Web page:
Refugee return requires aid

ZAGREB, Jan 8, 2000 -- (Reuters) The presidential candidate from Croatia's center-left alliance, which triumphed this week in parliamentary elections, said on Friday more international aid was needed to permit all refugees to return to the country.

Tens of thousands of Croatian Serb refugees have yet to go back home after fleeing fighting in the 1991-1995 Croatian and Bosnian wars, and Drazen Budisa stressed their right of return.

"Every citizen has a right to return home after this horrible war," said Budisa, the Social Liberal candidate in presidential elections set for January 24. The polls were triggered by the death last month of autocratic president Franjo Tudjman,

Budisa told a news conference Croatia "will have to ask for more international aid to make possible the return of all."

More than 60,000 Croatian Serbs, who fled to other areas in former Yugoslavia during the 1991-95 war, are unable to go back because their houses are occupied by Bosnian Croats, who cannot return to their own homes in Bosnian Serb territory.

Budisa's Social Liberals, together with their senior coalition partners, the Social Democrats, ended the decade-long rule of the conservative nationalist HDZ party this week in the parliamentary elections.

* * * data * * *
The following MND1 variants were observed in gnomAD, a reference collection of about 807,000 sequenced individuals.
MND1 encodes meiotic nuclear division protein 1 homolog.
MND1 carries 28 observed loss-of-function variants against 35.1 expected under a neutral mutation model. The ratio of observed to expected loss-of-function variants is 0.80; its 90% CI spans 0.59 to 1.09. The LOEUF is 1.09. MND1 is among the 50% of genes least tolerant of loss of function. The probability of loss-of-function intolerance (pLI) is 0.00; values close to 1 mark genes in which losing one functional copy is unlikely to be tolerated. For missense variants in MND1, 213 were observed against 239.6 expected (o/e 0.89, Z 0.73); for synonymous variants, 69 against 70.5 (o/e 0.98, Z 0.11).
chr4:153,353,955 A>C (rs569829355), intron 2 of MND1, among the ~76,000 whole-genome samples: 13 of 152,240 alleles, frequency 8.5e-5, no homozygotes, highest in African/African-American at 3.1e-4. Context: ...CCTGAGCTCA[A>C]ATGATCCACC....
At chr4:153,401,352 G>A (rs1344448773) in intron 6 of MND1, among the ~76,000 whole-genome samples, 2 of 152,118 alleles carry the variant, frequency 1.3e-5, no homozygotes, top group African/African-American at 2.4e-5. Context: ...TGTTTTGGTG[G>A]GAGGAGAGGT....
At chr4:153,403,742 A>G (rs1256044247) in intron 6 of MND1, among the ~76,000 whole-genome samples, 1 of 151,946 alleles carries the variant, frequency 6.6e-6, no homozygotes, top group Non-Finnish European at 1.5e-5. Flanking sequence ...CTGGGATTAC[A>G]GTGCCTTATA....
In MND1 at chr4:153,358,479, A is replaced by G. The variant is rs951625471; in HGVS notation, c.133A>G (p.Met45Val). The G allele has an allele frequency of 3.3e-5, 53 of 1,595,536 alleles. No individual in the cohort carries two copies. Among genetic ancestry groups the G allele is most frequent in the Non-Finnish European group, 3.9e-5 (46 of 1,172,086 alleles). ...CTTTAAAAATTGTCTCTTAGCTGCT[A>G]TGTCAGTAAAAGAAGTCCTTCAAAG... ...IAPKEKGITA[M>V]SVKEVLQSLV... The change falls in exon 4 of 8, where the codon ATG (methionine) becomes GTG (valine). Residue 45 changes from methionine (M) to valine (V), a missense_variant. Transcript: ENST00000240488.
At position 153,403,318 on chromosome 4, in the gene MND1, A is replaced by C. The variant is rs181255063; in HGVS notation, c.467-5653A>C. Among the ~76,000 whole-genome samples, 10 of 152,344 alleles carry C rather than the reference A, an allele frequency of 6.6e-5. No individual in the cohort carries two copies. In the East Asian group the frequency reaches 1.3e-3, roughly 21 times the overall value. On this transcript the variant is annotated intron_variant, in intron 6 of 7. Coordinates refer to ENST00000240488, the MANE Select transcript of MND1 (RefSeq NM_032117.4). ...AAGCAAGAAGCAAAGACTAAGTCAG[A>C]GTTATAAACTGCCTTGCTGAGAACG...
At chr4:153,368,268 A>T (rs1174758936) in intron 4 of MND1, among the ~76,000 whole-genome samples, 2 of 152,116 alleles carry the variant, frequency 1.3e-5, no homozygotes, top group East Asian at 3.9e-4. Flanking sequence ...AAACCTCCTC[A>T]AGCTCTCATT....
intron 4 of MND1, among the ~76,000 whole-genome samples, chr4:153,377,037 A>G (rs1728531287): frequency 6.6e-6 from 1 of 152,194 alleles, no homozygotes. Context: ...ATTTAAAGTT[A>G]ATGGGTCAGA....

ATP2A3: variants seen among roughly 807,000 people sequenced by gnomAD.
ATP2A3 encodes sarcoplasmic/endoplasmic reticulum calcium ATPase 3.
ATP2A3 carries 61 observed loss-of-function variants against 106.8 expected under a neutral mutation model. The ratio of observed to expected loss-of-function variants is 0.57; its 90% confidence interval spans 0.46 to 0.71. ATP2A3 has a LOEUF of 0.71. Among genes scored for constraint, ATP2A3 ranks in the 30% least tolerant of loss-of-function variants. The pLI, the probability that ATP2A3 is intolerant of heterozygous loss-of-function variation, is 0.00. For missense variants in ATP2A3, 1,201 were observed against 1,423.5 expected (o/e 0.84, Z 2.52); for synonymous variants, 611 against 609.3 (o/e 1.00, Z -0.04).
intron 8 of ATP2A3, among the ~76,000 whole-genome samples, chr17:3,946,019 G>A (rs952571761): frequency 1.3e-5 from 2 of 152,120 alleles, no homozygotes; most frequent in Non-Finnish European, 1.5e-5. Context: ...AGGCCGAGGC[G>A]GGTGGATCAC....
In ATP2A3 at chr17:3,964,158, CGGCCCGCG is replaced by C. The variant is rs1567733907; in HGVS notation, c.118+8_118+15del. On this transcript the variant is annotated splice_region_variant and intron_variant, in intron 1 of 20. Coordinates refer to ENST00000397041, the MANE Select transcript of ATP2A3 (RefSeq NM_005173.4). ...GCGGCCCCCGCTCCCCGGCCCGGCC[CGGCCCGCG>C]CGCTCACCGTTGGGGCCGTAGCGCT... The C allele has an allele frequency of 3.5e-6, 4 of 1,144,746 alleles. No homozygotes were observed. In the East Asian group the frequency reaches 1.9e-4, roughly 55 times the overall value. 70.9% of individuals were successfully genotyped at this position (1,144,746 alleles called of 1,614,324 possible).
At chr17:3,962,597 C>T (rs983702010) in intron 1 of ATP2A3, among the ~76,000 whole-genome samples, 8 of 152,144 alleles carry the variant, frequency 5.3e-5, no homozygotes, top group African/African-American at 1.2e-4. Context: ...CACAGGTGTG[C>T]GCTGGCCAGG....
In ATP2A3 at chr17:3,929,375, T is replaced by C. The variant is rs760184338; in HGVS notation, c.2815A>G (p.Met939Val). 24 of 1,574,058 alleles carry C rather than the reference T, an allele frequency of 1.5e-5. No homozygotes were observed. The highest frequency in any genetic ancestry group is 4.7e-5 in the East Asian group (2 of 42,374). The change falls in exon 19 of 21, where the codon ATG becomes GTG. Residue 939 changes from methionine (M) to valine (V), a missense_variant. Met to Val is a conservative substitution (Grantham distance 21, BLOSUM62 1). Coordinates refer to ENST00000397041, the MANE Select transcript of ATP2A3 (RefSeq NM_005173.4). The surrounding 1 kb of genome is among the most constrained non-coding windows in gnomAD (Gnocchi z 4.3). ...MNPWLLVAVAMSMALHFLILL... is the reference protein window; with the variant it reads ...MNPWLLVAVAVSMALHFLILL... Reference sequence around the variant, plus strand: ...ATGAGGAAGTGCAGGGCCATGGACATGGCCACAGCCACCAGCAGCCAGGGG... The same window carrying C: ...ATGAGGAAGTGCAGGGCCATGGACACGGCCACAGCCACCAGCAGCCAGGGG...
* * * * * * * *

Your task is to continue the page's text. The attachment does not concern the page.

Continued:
Budisa said that, if elected president, he would quit his party, reduce the budget of the once majestic presidential office by two-thirds and work hard to push Croatia towards the European Union and NATO on the basis of fulfilling all international commitments.


Prime Minister-elect Ivica Racan of the Social Democrats said on Wednesday that, unlike the outgoing HDZ government, his coalition would not hinder the return of refugees.

Budisa said on Friday Croatia should continue "controlled" financing of its kin in neighboring Bosnia.

While stressing Bosnia's sovereignty, he said: "It remains our constitutional obligation to help Croats in Bosnia."

Post-war Bosnia comprises a Bosnian Serb entity and a tense Croat-Moslem federation.

"I support a reduction of military potential of all three sides and strict control of funding, so that taxpayers know what is going on," Budisa told reporters a day after he handed in his candidacy for the presidential vote.

Budisa and the HDZ's Mate Granic, Foreign Minister since 1993, are likely to be top contestants in the presidential race.

Budisa said: "My victory will end a cycle of changes that started with parliamentary elections. Granic's victory might halt the changes people have voted for. He is the man whose task is to salvage the HDZ."

The campaign to elect a successor to Tudjman formally starts on Saturday. A contestant has to capture over 50 percent of votes to win in the first round. Otherwise, two top runners - most probably Granic and Budisa - will go to another round on February 8.

[URL may be different next day if article is archived]